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How can I use a contract to avoid construction disputes?

Property owners across Orlando are looking to reconstruct, expand, renovate and otherwise change their homes or buildings on a regular basis. Sometimes these changes are necessary for a structure to be in compliance with certain codes; other times, the property owner is looking to make cosmetic changes in the hopes of increasing a property's value.

Whether you are looking to make a big change or more minor changes to a property, it can be crucial that you protect yourself, the project and your bottom line with a construction contract. These documents can be enormously valuable in helping people avoid disputes and clearly define expectations before going into a construction project. If you are about to break ground on a new project, there are some things you may want to consider regarding a construction contract.

To begin with, you should have the basic details of a project defined in the contract. This can include details like how long the job is expected to take, how much will be charged for the work and specifications on materials and labor. If this information is submitted as a bid, the bidding party must understand that if the bid is accepted, the terms are then enforceable.

You may also want to consider any clauses that dictate how disputes will be resolved if they arise. Some contracts, for example, state that parties must go through arbitration versus litigation so it can be important that you understand what this means and whether you are comfortable giving up the option to take a case to court.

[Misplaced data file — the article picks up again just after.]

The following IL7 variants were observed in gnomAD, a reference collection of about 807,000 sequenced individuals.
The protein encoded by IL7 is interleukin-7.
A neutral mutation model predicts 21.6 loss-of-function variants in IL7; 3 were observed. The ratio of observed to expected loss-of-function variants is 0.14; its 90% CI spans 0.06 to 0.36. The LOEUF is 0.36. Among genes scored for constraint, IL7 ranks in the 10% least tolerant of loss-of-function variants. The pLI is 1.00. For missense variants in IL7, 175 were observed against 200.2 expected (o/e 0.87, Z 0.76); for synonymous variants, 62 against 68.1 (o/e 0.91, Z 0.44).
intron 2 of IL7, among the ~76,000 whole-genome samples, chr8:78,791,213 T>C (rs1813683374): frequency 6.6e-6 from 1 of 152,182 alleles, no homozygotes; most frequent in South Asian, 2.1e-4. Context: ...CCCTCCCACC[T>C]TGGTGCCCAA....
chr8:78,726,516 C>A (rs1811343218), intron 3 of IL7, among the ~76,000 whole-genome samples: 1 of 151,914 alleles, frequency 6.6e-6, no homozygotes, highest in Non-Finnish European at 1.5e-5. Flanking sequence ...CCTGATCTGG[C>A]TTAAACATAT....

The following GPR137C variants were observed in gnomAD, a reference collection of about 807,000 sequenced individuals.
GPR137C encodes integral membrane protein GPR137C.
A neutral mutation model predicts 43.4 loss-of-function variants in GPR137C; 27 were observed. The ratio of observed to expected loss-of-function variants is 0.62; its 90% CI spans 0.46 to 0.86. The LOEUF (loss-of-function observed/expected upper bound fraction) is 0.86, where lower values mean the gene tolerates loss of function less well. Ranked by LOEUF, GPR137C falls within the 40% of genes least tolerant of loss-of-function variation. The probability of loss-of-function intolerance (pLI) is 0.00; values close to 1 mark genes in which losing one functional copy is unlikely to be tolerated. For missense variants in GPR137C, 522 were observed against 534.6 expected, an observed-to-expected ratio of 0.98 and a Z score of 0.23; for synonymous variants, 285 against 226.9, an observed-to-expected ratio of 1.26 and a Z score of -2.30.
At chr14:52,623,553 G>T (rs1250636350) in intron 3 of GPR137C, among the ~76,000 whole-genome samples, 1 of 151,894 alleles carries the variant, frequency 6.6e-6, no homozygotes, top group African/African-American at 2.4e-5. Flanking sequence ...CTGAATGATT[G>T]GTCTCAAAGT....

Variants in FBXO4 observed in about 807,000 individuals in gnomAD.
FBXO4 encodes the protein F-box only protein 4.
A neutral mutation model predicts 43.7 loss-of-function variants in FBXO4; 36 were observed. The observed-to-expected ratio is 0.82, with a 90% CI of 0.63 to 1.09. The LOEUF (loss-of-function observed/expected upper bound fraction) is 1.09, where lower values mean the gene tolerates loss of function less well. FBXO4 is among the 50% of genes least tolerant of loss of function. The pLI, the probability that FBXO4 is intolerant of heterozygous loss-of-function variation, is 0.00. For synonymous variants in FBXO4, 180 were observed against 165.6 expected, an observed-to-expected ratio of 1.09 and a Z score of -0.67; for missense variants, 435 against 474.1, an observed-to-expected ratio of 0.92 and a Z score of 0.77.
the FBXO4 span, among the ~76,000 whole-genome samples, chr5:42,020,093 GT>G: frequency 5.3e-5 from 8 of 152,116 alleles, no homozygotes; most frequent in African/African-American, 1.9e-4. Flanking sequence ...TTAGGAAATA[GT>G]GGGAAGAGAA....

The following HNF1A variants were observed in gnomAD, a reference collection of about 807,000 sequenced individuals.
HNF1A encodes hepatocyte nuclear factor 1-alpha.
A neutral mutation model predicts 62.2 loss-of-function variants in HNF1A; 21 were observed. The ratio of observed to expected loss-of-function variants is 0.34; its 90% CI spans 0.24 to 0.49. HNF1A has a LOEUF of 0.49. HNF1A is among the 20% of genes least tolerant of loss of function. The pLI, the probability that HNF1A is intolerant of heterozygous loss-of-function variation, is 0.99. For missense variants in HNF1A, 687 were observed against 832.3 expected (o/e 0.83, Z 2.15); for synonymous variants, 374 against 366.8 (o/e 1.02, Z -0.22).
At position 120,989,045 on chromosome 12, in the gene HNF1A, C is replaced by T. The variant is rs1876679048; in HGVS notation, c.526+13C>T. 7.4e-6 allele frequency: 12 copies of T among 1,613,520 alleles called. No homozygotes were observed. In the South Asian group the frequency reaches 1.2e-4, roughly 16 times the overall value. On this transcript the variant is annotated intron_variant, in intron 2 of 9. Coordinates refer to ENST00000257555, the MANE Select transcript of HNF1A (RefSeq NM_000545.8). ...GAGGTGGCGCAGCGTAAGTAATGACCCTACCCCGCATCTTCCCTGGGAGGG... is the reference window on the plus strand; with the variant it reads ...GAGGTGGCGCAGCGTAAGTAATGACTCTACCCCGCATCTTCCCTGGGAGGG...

Construction contracts may also include certain clauses that address problems that could likely come up during a project. For example, if you had a bad experience in the past with a construction company that would not accept certain types of payment, you may be inclined to specify payment options with future construction companies in a contract.

Making the effort to draft an appropriate and enforceable document can save a lot of time and money in the long run. Likewise, reviewing a contract before signing it can allow parties to ask questions and get clarifications before they agree to something they may not understand or want. In either case, it can be wise to discuss any construction contract with an attorney familiar with the limitations and protections put in place by these documents.

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